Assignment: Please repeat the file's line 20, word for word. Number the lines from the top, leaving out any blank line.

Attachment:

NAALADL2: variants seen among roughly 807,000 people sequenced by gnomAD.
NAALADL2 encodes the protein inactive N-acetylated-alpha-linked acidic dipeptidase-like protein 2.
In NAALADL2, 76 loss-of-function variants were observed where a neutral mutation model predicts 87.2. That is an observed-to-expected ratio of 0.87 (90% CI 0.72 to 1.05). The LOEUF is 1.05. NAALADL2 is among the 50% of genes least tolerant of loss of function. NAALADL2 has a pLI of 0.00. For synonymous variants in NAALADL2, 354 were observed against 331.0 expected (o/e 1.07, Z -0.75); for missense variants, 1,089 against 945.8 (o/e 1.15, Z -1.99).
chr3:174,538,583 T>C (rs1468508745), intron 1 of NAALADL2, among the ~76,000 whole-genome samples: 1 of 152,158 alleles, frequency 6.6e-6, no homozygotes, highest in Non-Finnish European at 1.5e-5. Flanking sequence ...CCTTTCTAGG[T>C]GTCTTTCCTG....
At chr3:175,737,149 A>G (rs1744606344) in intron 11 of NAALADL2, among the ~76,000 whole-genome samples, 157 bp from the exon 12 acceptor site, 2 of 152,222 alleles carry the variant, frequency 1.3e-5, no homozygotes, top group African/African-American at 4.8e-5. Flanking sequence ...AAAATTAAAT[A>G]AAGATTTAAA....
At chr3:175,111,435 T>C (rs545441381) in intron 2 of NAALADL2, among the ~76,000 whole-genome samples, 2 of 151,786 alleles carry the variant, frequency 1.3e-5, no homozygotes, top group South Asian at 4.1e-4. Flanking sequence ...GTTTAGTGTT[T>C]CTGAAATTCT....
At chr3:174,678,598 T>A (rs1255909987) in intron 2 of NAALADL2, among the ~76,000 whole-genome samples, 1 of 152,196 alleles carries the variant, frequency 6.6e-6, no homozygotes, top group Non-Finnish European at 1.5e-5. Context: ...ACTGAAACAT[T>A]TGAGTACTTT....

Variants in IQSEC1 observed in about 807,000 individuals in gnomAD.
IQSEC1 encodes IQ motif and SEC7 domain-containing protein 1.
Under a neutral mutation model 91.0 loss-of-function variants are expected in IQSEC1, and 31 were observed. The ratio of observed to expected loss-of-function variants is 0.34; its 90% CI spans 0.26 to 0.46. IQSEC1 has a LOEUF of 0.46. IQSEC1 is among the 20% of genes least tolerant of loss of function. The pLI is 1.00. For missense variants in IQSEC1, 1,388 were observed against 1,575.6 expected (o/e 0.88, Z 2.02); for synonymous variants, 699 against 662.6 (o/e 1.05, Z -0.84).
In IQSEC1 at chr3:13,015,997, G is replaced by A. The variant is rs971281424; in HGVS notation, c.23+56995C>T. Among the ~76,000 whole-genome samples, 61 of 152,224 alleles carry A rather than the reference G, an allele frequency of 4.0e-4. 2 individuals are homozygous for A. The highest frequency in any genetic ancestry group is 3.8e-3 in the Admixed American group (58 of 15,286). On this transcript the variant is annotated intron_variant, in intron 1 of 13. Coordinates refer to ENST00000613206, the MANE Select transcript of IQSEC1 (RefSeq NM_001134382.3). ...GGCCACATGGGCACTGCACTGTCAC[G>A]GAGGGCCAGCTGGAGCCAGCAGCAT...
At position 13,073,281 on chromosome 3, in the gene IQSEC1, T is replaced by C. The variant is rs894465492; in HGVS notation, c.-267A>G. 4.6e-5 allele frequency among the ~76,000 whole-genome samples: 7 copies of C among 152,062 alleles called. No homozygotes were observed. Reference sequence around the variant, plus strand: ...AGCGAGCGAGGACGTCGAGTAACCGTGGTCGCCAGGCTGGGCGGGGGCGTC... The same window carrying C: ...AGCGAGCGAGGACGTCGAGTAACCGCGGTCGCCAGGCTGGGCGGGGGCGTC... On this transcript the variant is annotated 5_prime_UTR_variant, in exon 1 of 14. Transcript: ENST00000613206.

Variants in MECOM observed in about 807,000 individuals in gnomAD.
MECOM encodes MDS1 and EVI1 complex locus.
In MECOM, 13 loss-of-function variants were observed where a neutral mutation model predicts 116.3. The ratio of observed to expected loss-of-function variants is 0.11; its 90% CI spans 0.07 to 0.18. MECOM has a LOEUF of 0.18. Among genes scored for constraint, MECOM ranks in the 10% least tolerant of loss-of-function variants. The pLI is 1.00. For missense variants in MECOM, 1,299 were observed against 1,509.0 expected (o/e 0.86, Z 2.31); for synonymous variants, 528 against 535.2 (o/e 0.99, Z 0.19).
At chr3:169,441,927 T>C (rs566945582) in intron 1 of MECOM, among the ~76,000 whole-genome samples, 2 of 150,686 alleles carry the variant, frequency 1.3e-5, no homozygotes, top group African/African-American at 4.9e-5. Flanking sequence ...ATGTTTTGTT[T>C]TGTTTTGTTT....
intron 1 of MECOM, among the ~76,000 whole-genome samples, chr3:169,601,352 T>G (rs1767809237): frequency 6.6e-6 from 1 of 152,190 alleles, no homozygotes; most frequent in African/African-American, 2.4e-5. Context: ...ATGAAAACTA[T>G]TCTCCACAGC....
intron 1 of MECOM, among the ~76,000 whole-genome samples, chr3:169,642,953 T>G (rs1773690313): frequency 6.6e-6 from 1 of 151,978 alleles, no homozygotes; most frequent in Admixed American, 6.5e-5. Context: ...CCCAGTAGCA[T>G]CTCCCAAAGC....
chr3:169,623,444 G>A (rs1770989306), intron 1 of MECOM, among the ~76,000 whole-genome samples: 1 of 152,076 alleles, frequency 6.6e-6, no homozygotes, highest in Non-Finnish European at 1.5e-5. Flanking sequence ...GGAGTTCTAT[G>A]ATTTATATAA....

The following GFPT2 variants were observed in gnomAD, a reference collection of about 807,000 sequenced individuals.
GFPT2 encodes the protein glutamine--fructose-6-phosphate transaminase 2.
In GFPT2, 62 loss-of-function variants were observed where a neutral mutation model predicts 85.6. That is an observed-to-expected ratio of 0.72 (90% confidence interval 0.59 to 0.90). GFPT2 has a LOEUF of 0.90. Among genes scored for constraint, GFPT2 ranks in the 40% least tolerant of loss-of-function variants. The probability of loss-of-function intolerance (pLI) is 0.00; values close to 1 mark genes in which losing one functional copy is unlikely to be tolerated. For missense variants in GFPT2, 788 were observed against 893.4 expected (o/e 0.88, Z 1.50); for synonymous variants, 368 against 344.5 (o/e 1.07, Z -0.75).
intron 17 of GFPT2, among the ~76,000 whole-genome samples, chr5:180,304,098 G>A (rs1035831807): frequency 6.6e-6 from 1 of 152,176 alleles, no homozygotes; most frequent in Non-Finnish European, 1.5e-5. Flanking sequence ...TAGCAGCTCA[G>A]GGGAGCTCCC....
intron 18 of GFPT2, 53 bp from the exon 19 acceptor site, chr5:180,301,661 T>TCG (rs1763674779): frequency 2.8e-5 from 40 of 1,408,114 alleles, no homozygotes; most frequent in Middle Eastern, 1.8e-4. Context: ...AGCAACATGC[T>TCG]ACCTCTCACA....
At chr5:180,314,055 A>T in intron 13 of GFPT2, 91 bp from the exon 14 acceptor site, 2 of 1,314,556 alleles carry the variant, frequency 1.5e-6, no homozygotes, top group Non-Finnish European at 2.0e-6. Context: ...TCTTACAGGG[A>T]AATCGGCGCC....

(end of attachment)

The following GFPT2 variants were observed in gnomAD, a reference collection of about 807,000 sequenced individuals.